Well, it’s been quite a while between posts here… so a bit of explanation is in order.
Shortly after I presented at the IxDA drinks last year, a number of my colleagues pointed me to the Energy XO program that was being launched by Western Australian electricity utility Horizon Power and (now defunct) startup accelerator Pollenizer.
It seemed like a great opportunity to connect with industry folks and participate in a two-day “microhack”—essentially a workshop to develop up business ideas in the electricity sector and to be introduced to the “startup science” process that Pollenizer had developed around Lean Startup principles.
Little did I know at the time that I would be one of four people selected to enter into the 12 week accelerator program! Continue reading
Last Thursday night I was privileged to present a short talk at the June IxDA Sydney meetup. (Thanks Joe!)
The slides from my talk are presented below:
Or you can download the slides, along with my speaker notes (PDF 2.8MB), which includes links to a lot of the inspirational projects I highlighted. Continue reading
Anyone that knows me, knows that I’m a big advocate for the development of entrepreneurship skills. Even if not pursuing a hot startup idea, such skills are becoming increasingly important in the future of work. This was a big part of the vision for the IDX Initiative.
Thus, I was excited to learn about Initiate48 which is happening this weekend, over Friday night, Saturday and Sunday, at Blue Chilli Group in the Sydney CBD. As the promo site explains:
For the better part of our high school experience, we have been living someone else’s life—our parents, our teachers, our peers and our societies. We live in a way that does not resonate with our dreams and ambitions. We choose a path based on what others think and discard the values that give us happiness. Initiate 48 enables you to figure out who you are, what you enjoy and how you want to live your life. You have gifts that are brilliant and amazing and it matters that you let the world see them. Now is the time for you to take action and empower yourself—build your dream startup.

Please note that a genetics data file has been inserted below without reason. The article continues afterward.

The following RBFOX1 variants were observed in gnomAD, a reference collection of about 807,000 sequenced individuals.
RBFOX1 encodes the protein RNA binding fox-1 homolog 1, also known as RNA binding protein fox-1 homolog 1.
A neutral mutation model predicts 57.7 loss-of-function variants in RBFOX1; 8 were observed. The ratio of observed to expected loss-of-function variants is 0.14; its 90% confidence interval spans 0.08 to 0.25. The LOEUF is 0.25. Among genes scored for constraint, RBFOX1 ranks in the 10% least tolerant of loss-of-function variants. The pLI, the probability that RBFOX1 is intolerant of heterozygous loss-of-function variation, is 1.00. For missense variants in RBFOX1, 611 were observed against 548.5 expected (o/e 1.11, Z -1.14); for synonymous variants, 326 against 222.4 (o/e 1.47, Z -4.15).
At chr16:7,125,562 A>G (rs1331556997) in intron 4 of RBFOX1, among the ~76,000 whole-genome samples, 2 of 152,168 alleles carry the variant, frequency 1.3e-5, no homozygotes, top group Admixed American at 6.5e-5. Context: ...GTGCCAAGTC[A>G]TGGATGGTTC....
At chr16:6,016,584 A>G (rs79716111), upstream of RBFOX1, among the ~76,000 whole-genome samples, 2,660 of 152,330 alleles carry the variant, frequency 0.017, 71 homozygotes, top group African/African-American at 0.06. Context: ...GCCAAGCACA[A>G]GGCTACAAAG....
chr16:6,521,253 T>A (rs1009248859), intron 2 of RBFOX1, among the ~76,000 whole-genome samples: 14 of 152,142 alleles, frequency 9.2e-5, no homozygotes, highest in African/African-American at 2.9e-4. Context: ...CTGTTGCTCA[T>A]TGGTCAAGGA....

I’m delighted to be able to contribute to the sessions as a mentor on Saturday morning. I’m really looking forward to no doubt being inspired by the participants—their energy and ideas—and to hopefully contribute in a positive and constructive way to the weekend’s proceedings.
This time last week I was deeply engrossed in the IDEA Summit, which was a gathering of people exploring what “indigenous digital excellence” means.
I was privileged to be one of the co-facilitators for the sessions, and had the opportunity to briefly present on the concept of “design thinking”. Hopefully I did the topic justice in such a short timeframe (15 mins)! My presentation is embedded below, or you can download a PDF of the presentation with my associated speaker notes (PDF 3.9MB).
The event, which ran over 2 days, was a really inspiring experience to participate in. The atmosphere was awesome, in no small part due to Rhianna Patrick’s “MC” role.
The event culminated in a presentation of 5 ideas explored by the participants to a broader audience of invited guests. The 5 ideas emerged from exploration of a number of key themes that emerged early in the Summit around self-determination, appropriate technology, sustainability (for communities to manage and continue initiatives beyond the initial “seed”), mobile, and cultural transmission.